Evolutionary Medicine is the application of modern evolutionary theory to understanding health and disease
Ancestral Health is another name for Evolutionary Medicine. These both suggest promote a theory that we can better understand our current modern diseases though studying our ancestors.
I presented the framework of Ancestral Health during a lecture for my department at the University of Utah.
Here are some of the notes from that presentation.
- Describes a certain adaptation which at one time was well adaptive in a certain environment.
- But this trait is “mismatched” to the environment in which the trait is currently present.
- Example: Sweet taste. Evolutionarily the taste of sweet provided an advantage, because we came to associate this with high calories. This taste provided an advantage to us. Now this is a modern mismatch. This drive for sweet produces negatives health effects.
Four Key Modern Mismatches
- Lack of Movement
Grains should be viewed as a Luxury item
- Traditionally difficult to produce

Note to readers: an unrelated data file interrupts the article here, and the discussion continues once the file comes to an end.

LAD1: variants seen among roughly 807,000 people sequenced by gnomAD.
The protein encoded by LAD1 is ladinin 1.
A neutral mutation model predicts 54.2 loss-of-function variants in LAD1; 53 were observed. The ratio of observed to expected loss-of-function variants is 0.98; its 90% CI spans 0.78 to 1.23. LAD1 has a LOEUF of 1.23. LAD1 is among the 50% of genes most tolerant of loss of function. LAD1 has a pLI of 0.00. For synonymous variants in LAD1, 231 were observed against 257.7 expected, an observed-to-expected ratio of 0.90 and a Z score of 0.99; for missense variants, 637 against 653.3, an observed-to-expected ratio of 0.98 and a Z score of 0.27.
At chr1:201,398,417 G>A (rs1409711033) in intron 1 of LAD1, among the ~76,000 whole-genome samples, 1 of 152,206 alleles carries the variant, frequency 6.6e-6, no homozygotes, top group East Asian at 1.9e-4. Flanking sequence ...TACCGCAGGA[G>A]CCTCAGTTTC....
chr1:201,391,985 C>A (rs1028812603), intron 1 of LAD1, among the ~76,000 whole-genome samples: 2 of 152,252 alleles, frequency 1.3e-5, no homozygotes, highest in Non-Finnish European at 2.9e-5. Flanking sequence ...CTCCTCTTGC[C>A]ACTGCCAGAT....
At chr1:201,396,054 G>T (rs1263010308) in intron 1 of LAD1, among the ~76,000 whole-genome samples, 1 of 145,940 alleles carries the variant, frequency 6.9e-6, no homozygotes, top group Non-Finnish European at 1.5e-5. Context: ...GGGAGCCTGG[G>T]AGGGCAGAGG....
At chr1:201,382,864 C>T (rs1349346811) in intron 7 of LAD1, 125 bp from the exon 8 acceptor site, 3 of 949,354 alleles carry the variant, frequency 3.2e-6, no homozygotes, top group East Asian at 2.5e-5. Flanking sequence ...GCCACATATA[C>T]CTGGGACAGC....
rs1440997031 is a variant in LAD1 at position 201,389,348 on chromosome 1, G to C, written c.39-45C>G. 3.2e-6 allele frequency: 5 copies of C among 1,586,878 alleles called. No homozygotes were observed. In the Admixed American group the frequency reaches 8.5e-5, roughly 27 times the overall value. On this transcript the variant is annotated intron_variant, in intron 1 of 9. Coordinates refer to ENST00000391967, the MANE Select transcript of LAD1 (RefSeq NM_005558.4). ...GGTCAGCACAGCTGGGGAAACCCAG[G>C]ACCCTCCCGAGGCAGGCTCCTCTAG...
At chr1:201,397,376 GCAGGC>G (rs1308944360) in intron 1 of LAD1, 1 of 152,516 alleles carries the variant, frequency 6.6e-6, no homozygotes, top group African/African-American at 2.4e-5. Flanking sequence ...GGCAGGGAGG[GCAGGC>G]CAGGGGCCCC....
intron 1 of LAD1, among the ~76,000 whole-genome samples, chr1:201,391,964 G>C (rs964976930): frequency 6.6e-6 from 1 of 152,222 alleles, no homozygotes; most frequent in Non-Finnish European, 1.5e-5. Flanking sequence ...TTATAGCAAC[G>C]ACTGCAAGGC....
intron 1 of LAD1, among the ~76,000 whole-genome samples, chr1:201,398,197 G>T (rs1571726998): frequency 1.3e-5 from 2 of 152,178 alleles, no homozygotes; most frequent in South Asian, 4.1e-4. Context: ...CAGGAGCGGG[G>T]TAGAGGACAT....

- Eaten in low quantities until recent modern technological advancement
- Advent of the dietary guidelines correlates with obesity
- Some studies show that as a population we are close to following the guidelines
- The guidelines correspond to an increase in designed foods which match the macro-nutrient specifications
- From 1970 to 2000 we have increase total calories on average by 250 with almost all of this being carbohydrates especially processed carbohydrate.
How Dr. Henriksen Eats:
- Real food that is fresh and natural. Foods like meat, vegetables and fruit, nuts and seeds.
- Foods which are nutrient-dense, with lots of naturally occurring vitamins and minerals, rather than foods that have more calories but less nutrition.
- I’m not lacking carbohydrates – I just get them from vegetables and fruits instead of bread, cereal or pasta.
- Centers for Disease Control and Prevention (CDC). Trends in intake of energy and macronutrients–United States, 1971-2000. Morbidity and Mortality Weekly Report. 2004 Feb 6;53(4):80-2.
- Hartwig, Melissa, Dallas. It Starts With Food. 2012
- Kuipers, Remko, et al. “A Multidisciplinary reconstruction of Paleolithic nutrition that holds promise for the prevention and treatment of diseases of civilisation.” Nutrition Research Reviews. 2012
- Lindeburg, Stephan. Food and Western Disease. 2010